A piece of history that still exists in New York’s Little Italy

A woman looks out her window in New York’s Little Italy, 1942. Photo: Supplied

Little Italy used to be the real thing…authentic. A place where Italian-Americans actually use to live.

I remember my grandparents telling me that Little Italy itself was split into smaller communities.

Mulberry Street was home to the settlers from Campania and Naples, Elizabeth Street was strictly Sicilian, Mott Street held the Calabresi, while most of the people north of Mott came from Bari.

But that’s all long gone. Now as everyone knows, Little Italy has been singled down to one single Street…Mulberry.

The reason why I am doing this article was not to talk about Little Italy’s demise but to remember what it used to be when it actually was a Little Italy.

Toward the end of 2019, I took a walk straight up Mulberry Street for its entire length, which I had never previously done.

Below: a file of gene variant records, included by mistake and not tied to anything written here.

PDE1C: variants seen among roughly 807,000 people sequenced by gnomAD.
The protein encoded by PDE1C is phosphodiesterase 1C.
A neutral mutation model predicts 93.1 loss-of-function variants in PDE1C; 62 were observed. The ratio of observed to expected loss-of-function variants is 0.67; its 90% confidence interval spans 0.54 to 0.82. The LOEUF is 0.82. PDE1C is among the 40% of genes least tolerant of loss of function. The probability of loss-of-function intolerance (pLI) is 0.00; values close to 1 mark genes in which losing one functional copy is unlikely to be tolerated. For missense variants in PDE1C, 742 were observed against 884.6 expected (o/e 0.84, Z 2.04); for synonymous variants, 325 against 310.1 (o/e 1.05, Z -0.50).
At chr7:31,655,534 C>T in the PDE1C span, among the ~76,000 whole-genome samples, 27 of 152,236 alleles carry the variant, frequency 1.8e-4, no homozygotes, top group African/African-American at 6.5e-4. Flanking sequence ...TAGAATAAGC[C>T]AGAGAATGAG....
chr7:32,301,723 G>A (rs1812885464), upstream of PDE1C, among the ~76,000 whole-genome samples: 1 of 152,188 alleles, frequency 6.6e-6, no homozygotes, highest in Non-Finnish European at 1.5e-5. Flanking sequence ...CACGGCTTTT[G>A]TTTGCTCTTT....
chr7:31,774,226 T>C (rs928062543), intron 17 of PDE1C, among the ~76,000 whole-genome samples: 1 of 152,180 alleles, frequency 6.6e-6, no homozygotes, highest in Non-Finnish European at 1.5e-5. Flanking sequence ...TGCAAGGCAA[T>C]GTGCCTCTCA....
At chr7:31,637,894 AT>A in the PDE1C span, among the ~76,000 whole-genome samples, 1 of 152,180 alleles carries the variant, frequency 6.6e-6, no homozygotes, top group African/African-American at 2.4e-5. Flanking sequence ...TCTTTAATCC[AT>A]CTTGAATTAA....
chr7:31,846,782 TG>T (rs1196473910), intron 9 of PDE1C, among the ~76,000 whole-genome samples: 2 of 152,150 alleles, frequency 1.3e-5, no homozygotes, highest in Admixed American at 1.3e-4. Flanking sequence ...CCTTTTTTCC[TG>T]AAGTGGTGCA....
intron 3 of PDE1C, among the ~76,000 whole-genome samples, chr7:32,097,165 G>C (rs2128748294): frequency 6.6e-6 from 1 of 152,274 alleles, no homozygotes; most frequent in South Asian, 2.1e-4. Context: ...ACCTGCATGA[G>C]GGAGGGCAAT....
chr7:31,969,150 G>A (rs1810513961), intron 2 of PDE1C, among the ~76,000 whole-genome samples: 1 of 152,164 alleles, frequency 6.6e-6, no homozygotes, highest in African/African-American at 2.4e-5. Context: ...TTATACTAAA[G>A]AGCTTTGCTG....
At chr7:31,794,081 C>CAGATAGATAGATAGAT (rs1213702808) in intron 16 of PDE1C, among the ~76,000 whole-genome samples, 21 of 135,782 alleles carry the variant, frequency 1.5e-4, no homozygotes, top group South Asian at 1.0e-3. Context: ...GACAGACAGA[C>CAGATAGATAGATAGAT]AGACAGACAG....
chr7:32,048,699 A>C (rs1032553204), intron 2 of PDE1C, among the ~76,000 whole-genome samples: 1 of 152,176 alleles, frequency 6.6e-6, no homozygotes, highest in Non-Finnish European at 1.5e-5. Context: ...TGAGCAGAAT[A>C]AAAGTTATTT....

Both of my grandparents are Italian immigrants. Neither had ever lived in Little Italy. Nonetheless, from a distance, I felt a visceral attraction to the neighborhood.

What caught my eye, in particular, was a building on the Southeast corner of Grand and Mulberry.

On the wall inside 191, Grand St. is a piece of history that still exists. A list of surnames of the original (or early residents) of the building.

For some with Italian ancestry, Little Italy still holds a dear place in their hearts.

A little piece of history in Little Italy.

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Written by
Joe Battaglia
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